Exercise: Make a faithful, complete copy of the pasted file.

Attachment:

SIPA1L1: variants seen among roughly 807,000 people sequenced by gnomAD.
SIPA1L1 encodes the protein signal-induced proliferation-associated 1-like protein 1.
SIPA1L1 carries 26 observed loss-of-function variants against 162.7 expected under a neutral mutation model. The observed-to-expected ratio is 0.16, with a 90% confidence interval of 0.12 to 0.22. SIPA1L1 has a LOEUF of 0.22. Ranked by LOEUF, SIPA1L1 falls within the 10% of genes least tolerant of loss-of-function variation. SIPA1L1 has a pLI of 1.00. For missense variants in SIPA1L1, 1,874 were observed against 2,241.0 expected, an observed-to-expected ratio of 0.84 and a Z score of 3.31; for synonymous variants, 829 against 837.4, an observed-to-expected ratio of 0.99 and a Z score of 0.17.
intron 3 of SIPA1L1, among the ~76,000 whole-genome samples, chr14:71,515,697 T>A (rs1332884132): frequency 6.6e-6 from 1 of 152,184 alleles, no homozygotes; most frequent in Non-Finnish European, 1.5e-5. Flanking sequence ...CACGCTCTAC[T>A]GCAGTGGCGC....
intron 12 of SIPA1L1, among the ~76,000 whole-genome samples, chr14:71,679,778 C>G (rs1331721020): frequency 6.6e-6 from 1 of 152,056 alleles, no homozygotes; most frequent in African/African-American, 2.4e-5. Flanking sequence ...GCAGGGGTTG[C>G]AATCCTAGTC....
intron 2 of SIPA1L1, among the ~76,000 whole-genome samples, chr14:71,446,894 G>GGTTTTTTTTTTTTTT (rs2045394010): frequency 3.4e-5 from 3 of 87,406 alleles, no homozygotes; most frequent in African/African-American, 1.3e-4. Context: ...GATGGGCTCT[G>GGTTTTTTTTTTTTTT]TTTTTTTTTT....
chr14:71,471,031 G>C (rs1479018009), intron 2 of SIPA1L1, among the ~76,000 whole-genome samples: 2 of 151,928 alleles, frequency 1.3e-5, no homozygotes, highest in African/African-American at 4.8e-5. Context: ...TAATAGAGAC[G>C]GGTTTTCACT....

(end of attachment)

SIPA1L1: variants seen among roughly 807,000 people sequenced by gnomAD.
SIPA1L1 encodes the protein signal-induced proliferation-associated 1-like protein 1.
SIPA1L1 carries 26 observed loss-of-function variants against 162.7 expected under a neutral mutation model. The observed-to-expected ratio is 0.16, with a 90% confidence interval of 0.12 to 0.22. SIPA1L1 has a LOEUF of 0.22. Ranked by LOEUF, SIPA1L1 falls within the 10% of genes least tolerant of loss-of-function variation. SIPA1L1 has a pLI of 1.00. For missense variants in SIPA1L1, 1,874 were observed against 2,241.0 expected, an observed-to-expected ratio of 0.84 and a Z score of 3.31; for synonymous variants, 829 against 837.4, an observed-to-expected ratio of 0.99 and a Z score of 0.17.
intron 3 of SIPA1L1, among the ~76,000 whole-genome samples, chr14:71,515,697 T>A (rs1332884132): frequency 6.6e-6 from 1 of 152,184 alleles, no homozygotes; most frequent in Non-Finnish European, 1.5e-5. Flanking sequence ...CACGCTCTAC[T>A]GCAGTGGCGC....
intron 12 of SIPA1L1, among the ~76,000 whole-genome samples, chr14:71,679,778 C>G (rs1331721020): frequency 6.6e-6 from 1 of 152,056 alleles, no homozygotes; most frequent in African/African-American, 2.4e-5. Flanking sequence ...GCAGGGGTTG[C>G]AATCCTAGTC....
intron 2 of SIPA1L1, among the ~76,000 whole-genome samples, chr14:71,446,894 G>GGTTTTTTTTTTTTTT (rs2045394010): frequency 3.4e-5 from 3 of 87,406 alleles, no homozygotes; most frequent in African/African-American, 1.3e-4. Context: ...GATGGGCTCT[G>GGTTTTTTTTTTTTTT]TTTTTTTTTT....
chr14:71,471,031 G>C (rs1479018009), intron 2 of SIPA1L1, among the ~76,000 whole-genome samples: 2 of 151,928 alleles, frequency 1.3e-5, no homozygotes, highest in African/African-American at 4.8e-5. Context: ...TAATAGAGAC[G>C]GGTTTTCACT....